Greetings from Jeanne,
It has been a quiet time here in Antigua since my last post on Mother's Day. Since that time, Mother's Day, May 10 has come and gone, with much national flare and no school. The school where I observe closed for two days, and for a week before the days off, the school was a flurry of Mother's Day gift making. There were celebrations for the mothers at the school, all over town, and in every home. Tom took me out for mother's day dinner at Del Cerro on the top of the hill, and it was lovely to see the night lights. We had a lovely time. Earlier in the day we went shopping and several places in town were handing out roses and other mother's day treats. It is quite the deal.
Our new friends also stayed for another week, as they were invited to take Spanish lessons from a new instructor, and provide commentary on her behalf at the end. They have moved onto their next leg of their adventure in northern Guatemala and beyond. They were truly delightful, funny, and interesting. They were a wealth of information about places they have been and things they have learned along their way.
During this time we have also been experiencing some stomach troubles and general achy feelings here and there. Tom has been on antibiotics, but we are both on the mend. It's been tough going, since we have been pretty careful about what we eat and drink, and feel better tonight after a cup of chicken soup and cheese pita breads.
The big news last week was the meeting we had with the principal of a public school in Jocotenango. This is a small village just outside of Antigua. The standard communication here is word of mouth and personal reference. So, this is how it played out: I met a woman during the alfombra building event on the Monday before Easter, who teaches in Jocotenango. I told her that I was looking for a place to observe in a public school, and she agreed to help me out. Later that evening, another teacher, who teaches 6th grade math, agreed to help me get into the school for observations. Tom's Spanish teacher, whose hosted the alfombra construction, wrote a formal letter on my behalf, asking the principal at the school for a meeting. Tom delivered it, I typed it in Spanish, then Tom took it back to his teacher, who gave it to her secretary, who gae it to her math teacher husband, who carried it to the principal. Five days later, I received a message from Tom, in reverse order, saying I could come by for a meeting when I wanted to. So, on Wednesday, May 11, Tom and I took a tuk tuk to the school, and were greeted by a large, iron, locked door. We knocked and someone opened a small door in the larger one, and we said, in Spanish, that we would like to meet with the directora. After just a few minutes we were admitted by the directora herself, Señora Romero. The word had traveled quickly, because the first thing she said to me was "You are the one who doesn't know how to speak Spanish". Well, of course I had to agree, but I assured here that Tom was "perfecto". We stood in the foyer for a bit, then were invited into hre office to visit. I did all the talking in Spanish, slowly, haltingly, but with a fair amount of confidence, and it worked. She agreed to let me come in July for two weeks to do observations. It was uplifting and exciting to affect this event. Initially, I felt like Dorthy trying to get into Oz. It was far less trying, but similar in so many ways.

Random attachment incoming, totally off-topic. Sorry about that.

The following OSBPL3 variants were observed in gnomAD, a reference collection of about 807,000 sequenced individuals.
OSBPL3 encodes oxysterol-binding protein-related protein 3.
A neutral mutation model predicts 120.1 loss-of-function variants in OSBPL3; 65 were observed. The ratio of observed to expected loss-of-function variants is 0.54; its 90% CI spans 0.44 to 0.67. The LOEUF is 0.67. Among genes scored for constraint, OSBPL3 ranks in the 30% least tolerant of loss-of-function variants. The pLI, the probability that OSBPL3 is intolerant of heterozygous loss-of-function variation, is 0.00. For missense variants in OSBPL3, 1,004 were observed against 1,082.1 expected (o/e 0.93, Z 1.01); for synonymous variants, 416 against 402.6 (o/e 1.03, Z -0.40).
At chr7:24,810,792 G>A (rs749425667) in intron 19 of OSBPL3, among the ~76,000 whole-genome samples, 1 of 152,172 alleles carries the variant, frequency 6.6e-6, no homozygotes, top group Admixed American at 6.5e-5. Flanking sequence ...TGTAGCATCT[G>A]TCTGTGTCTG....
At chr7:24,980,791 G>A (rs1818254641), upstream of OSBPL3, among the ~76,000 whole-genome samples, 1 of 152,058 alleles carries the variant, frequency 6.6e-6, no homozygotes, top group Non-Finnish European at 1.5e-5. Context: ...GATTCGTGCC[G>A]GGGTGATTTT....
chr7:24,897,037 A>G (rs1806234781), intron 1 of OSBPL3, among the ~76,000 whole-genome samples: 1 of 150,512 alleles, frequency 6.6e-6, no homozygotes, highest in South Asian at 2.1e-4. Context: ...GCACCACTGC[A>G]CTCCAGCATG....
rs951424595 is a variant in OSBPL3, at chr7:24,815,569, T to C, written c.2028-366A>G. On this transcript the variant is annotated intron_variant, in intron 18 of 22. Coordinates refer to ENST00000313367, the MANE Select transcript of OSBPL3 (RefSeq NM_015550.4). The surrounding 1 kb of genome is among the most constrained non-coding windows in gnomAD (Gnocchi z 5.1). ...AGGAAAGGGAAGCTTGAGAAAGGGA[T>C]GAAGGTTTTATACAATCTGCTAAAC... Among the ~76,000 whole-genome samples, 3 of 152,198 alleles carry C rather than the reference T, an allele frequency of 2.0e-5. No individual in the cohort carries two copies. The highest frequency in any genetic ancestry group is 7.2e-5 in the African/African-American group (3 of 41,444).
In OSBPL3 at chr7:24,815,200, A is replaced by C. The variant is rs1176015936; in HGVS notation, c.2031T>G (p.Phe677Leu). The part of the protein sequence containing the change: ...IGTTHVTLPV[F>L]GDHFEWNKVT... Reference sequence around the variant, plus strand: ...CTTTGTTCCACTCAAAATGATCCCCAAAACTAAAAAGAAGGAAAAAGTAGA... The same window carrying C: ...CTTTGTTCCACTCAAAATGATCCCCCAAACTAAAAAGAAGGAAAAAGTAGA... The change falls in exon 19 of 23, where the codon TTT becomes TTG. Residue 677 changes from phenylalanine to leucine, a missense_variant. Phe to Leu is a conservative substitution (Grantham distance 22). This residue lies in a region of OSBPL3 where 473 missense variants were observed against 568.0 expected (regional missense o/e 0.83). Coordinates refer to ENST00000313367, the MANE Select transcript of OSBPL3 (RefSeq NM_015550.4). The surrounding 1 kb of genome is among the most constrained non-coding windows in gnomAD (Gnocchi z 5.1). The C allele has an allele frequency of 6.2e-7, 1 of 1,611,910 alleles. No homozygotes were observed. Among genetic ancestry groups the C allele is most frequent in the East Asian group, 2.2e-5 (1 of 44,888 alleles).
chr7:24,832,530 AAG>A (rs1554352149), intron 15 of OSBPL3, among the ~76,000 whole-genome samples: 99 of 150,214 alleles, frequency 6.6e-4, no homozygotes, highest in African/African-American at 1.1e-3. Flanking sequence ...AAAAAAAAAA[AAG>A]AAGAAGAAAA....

I am in my last week of observations at the current school, as they go into finals next week. It has been quite interesting to see test preparation, when the students actually know what is expected. There is a fair amount of hand wringing and the teachers seem a bit more on edge, but the students are going through the motions and redoing what they have done in preparation for what they have to do next week. Everything is rote, repetition, and regurgitate what has been delivered in lectures. The students have been responding with willingness and readiness. As always, the teachers have been wonderful about letting me observe and learn. This is a truly amicable place.
At this point I have written my report to the school and have been asked to conduct a one hour workshop on learning and teaching methods in mid June. Of course, I have agreed, and look forward to the opportunity to pay the school back. It seems that I'll be talking to the entire faculty from preschool to high school. It should be interesting at best, since some folks speak Spanish, others English, some both. I hope to have an interpreter, since one hour is not nearly enough for me to speak this technically in Spanish. I am sure it will all work out.
We have continued our Spanish lessons and are both making good progress. Tom is going great guns and loves his work. I have moved into another form of verbs today and am enjoying the progress, although for a week, I was pretty miserable sorting myself out as a learner. All is well now. We both speak Spanish all over town, and I am enjoying more conversations with teachers who only speak Spanish. A few of the speak slowly enough for me to sort out how to respond. It is what I had oped to accomplish and look forward to more learning and practice.
For now, we are working on getting healthy again, and plan to continue to enjoy our time here. We may even make it to Guatemala City for a film premiere this weekend, depending on things in general.
I hope this finds you doing well. Love to all.